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3 things struggling historical groups can do to attract more people

Metro Detroit Ethnic Communities Collection/Walter P. Reuther Library

There’s a joke that historical organizations are stuck in the past when it comes to how they do things. You know, like they don’t have a grasp on using social media, and their museums and events are outdated and uninspiring.

And that joke might extend to the people who run historical organizations – many of whom are senior citizens and have often run their group in the same way for a long time.

Larry Wagenaar is the executive director of the Historical Society of Michigan. He says a lot of these small organizations end up in a rut, with the mentality of, “well, we’ve always done it that way.”

“When you hear a leader say that, you know it’s a dying organization, because you need new ideas that new folks can bring,” he says.

Wagenaar has some key points he likes to share with struggling groups.

1. Explore history from a variety of perspectives

Wagenaar says groups must step outside of their comfort zone. That includes really looking at what kind of stories you’re telling and from whose point of view. He suggests historical groups broaden their perspectives. For example, that might include looking at the experiences of Hispanic communities trying to gain acceptance in West Michigan, or exploring stories about African Americans in southwest Michigan.

2. History is stories – and people love sensational stories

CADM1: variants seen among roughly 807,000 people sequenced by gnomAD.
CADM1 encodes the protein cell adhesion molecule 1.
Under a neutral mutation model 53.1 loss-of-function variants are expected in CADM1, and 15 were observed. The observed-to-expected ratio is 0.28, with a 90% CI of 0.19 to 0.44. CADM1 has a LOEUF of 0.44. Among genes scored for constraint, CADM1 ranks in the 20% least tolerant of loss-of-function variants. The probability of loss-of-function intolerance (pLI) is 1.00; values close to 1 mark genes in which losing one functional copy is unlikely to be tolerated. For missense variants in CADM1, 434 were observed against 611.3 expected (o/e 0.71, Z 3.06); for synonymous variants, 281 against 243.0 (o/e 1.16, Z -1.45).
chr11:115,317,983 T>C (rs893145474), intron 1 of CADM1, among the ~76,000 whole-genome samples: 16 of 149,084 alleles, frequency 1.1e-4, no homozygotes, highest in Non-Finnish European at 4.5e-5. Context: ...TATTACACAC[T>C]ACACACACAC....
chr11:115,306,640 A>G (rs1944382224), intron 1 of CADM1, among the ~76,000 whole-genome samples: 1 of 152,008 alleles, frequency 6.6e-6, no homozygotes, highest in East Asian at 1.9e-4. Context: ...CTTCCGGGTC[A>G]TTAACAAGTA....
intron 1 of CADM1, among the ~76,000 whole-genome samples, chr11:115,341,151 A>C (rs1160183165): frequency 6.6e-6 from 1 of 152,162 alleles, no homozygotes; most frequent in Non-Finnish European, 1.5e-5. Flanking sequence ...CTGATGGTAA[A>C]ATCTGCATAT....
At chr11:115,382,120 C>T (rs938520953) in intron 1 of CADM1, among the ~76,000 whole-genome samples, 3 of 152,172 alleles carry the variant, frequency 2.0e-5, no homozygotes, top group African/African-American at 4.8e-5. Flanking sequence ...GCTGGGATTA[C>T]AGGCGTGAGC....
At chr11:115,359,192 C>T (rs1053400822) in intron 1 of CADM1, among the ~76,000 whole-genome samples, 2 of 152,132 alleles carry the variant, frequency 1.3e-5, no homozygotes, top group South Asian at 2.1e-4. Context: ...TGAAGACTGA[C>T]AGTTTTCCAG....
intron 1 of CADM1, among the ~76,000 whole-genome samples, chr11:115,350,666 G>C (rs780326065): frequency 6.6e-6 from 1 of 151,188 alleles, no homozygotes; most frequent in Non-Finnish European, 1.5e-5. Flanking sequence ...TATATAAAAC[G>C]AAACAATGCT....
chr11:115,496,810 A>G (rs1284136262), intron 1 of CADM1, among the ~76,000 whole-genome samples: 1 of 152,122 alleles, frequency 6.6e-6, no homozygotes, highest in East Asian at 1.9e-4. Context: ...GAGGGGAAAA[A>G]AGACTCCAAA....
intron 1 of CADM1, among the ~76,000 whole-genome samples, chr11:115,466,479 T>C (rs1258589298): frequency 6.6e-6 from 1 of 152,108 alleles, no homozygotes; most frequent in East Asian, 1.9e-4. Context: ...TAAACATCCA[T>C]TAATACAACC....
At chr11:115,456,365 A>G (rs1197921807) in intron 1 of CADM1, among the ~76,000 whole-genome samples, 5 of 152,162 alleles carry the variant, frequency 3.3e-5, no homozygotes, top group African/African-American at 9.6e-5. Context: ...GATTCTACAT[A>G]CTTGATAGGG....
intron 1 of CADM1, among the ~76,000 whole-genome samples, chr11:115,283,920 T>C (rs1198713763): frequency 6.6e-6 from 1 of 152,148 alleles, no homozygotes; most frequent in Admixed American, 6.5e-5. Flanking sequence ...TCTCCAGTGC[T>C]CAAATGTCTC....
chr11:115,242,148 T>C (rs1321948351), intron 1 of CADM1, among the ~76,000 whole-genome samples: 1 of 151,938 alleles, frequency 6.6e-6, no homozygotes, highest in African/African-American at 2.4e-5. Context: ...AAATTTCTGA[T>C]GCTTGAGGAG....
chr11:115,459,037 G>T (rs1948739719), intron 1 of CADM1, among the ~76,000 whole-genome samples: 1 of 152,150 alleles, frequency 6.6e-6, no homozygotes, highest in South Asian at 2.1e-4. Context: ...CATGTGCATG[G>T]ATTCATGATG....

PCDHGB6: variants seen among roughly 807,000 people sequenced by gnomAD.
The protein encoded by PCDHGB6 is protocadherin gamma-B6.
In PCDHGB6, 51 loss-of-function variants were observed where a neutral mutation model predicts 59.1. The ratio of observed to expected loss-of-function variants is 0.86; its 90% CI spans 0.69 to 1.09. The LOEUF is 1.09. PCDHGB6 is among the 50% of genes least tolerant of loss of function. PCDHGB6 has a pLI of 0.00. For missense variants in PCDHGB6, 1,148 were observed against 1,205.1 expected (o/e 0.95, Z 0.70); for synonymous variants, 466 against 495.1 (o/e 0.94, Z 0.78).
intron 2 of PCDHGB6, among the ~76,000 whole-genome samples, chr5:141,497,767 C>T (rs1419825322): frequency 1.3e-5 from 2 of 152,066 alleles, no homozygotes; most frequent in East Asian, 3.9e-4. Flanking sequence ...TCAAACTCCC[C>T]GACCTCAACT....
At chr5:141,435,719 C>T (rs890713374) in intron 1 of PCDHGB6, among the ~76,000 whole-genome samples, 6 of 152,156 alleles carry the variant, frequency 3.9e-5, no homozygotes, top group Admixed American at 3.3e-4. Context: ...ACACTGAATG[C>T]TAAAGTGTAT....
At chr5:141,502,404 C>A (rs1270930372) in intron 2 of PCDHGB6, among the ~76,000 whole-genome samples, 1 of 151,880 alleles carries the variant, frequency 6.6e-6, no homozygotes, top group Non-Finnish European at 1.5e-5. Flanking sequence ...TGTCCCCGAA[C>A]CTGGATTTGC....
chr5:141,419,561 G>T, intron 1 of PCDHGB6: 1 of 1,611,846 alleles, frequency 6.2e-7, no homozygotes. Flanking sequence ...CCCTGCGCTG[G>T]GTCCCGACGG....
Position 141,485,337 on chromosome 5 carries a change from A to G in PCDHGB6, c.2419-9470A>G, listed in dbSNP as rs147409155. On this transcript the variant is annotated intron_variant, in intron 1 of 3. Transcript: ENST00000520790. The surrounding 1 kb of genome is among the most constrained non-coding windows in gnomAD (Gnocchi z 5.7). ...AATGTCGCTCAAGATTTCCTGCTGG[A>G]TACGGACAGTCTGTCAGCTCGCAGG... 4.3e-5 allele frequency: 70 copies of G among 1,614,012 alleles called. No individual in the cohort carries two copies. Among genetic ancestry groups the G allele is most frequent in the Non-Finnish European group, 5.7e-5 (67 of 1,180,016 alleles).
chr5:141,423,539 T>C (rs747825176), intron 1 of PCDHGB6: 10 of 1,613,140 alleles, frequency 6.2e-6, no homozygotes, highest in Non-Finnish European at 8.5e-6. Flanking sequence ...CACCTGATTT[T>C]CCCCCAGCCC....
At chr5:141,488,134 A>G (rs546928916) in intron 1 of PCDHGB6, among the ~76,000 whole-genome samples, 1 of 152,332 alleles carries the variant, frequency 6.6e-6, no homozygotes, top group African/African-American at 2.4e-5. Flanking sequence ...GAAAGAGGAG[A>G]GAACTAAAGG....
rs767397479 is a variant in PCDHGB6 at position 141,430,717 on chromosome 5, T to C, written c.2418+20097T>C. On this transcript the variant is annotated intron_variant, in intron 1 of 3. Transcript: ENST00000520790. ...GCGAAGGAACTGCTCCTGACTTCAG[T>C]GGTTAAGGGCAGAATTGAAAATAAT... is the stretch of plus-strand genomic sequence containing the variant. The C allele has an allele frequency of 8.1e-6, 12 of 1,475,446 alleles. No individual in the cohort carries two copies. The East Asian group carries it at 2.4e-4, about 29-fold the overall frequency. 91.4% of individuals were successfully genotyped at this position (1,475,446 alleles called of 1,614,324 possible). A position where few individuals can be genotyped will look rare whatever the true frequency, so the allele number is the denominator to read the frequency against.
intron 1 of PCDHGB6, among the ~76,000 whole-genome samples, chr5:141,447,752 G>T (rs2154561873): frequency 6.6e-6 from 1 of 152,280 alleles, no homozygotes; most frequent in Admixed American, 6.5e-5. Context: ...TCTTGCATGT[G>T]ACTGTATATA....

It could story about a shipwreck or a Civil War tragedy, or a story about something that’s painful and difficult, like the influence of the Ku Klux Klan in Michigan. Those are the kinds of stories people love to hear and that can attract big crowds.

3. Make history something people can experience

Wagenaar encourages groups to creatively bring history to life and think outside of the box. He says a great example is the Detroit Drunken Historical Society. The group meets in bars where a speaker gives a presentation about Detroit history. (Interestingly, DDHS is pretty successful at attracting a diverse crowd to its events.Listen to our conversation with the group's co-founder, Amy Elliott Bragg, here)

Even though history is something that’s old, it can help us talk about difficult issues in the modern world.  

Tamara Barnes is the Historical Society of Michigan’s assistant director for diversity and outreach. She says “a good museum or historic site is the place people can have a conversation about history and the modern world, and how they relate. It can be the spark to all kinds of conversations we need to have at this time in our history.”

Barnes says if historians do a good job at bringing history to life,  the result should be something that everyone can enjoy.

Kyle Norris is from Michigan and spent ten years as a host and reporter with Michigan Radio, the state’s largest NPR-affiliate. He lives in Seattle and works as a substitute host and producer at KNKX.
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